Introductory & general

Film studies

Enjoy a fresh look at big screen classics, ground-breaking titles and cult favourites featuring a cast of iconic names, former stars and the men and women who called the shots.

Check out our blog post on our new Cultureplex Ciné-Club, where once a week, for 12 weeks (and throughout the academic year in terms 2 and 3), we will watch and discuss film.

Study in-person, or online from the comfort of home, with classes that allow you to participate in discussions with fellow adult students and share your passion for Film as part of a learning community. We offer daytime, evening and weekend courses, both short and long. Our tutors are experts in their fields and experienced educators. Tutors share their knowledge and passion for Film through presentations, screenings, interactive discussion, analysis, and other activities.

Many students return to take more courses, telling us they enjoy being part of our City Lit literary community. Our popular courses often sell out quickly, so we invite you to browse and book your place now.

Courses available both in-person and online

We offer a range of courses allowing you to choose between online and in-person learning. All our courses are live, interactive, and taught by expert tutors. No matter how you prefer to learn, we've got the class for you. See our guide to online learning for more information about accessing our live online courses.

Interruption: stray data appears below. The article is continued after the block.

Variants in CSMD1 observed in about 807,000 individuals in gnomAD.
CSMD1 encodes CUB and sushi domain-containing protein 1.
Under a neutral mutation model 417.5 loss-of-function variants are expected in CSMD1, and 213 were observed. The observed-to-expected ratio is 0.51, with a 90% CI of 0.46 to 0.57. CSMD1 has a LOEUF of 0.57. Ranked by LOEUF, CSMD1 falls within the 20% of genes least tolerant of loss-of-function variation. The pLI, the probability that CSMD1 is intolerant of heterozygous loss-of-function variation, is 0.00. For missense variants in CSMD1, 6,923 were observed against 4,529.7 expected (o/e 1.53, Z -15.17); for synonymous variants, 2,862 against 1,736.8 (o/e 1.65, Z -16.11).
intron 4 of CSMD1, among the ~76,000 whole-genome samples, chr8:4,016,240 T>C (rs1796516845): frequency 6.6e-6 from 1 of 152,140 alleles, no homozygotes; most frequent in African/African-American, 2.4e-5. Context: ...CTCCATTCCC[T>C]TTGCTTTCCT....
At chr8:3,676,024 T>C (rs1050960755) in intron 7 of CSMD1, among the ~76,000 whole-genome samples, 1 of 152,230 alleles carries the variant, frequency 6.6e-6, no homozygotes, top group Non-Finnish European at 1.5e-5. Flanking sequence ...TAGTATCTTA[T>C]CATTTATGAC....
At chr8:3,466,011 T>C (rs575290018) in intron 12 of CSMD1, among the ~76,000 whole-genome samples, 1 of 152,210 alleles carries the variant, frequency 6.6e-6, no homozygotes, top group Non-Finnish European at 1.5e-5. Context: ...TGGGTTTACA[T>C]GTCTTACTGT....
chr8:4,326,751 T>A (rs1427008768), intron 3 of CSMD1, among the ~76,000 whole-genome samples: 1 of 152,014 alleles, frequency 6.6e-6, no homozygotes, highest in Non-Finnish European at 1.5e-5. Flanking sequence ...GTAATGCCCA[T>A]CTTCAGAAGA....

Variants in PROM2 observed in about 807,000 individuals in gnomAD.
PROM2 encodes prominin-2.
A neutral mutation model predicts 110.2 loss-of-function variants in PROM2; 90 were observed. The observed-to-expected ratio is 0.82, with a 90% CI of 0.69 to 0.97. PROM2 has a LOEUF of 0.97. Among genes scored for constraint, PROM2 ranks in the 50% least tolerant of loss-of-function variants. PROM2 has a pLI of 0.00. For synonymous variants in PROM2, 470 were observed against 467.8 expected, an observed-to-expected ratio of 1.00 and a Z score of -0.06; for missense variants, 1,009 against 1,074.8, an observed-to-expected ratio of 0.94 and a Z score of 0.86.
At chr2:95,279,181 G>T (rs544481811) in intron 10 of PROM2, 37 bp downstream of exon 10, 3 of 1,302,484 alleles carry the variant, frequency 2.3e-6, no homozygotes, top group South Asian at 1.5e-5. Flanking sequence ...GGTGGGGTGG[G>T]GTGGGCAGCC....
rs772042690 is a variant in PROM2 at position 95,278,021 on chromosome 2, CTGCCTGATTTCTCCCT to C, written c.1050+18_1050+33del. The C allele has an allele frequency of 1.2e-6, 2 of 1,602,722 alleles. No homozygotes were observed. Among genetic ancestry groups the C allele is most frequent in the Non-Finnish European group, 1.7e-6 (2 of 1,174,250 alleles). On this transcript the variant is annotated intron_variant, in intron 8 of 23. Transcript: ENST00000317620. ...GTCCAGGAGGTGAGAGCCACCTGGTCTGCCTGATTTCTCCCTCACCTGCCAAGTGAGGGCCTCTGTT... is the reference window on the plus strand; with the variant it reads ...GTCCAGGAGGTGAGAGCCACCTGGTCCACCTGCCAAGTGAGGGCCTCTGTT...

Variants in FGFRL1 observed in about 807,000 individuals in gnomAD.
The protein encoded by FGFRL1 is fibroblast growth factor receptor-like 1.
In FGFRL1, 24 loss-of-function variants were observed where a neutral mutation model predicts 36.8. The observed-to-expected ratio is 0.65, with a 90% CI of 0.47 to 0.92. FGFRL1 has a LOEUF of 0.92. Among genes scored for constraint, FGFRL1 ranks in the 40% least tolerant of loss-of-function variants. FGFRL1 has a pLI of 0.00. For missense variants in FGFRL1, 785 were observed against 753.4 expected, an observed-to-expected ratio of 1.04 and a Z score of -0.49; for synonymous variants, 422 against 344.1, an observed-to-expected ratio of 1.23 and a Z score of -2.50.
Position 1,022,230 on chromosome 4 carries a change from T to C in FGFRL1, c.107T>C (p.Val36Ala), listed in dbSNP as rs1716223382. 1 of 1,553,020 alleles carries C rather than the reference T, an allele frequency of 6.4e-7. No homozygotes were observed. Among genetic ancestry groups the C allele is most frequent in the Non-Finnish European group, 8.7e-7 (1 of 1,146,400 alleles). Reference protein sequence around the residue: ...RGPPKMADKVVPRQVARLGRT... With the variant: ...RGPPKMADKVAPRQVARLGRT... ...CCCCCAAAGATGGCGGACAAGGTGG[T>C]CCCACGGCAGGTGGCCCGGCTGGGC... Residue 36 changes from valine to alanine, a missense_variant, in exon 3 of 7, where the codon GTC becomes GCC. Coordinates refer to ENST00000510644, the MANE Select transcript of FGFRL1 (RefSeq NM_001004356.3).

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  1. German Expressionism: From Horror to Film Noir
    Course start date:  Sat 3 Jun 2023

    Location on this date:  Keeley Street

    Tutors:  John Wischmeyer
    German Expressionism influenced Hollywood horror after itself being influenced by early Swedish Nordic noir. Along with F.W. Murnau and Robert Wiene, Fritz Lang was one of the key figures of German Expressionist cinema. Their influence crossed borders and is alive today in cinema tropes, camera techniques and narrative themes still used by filmmakers, game designers and artists. Their films changed moviemaking forever as directors and set designers created a nightmare environment of unnatural perspectives and distorted images in early films such as Nosferatu (1922 F.W. Murnau), The Cabinet of Dr. Caligari (1919 Robert Weine), and Metropolis (1927 Fritz Lang) which led to Dracula (1931 Tod Browning), Spellbound (1945 Alfred Hitchcock) and Blade Runner (1982 Ridley Scott). American pulp fiction shaded this into film noir in The Killers (1946 Robert Siodmak) and Double Indemnity (1944 Billy Wilder), films created by directors who had fled the land of German Expression. It had come full circle.
    Full fee £59.00 Senior fee £47.00 Concession £38.00
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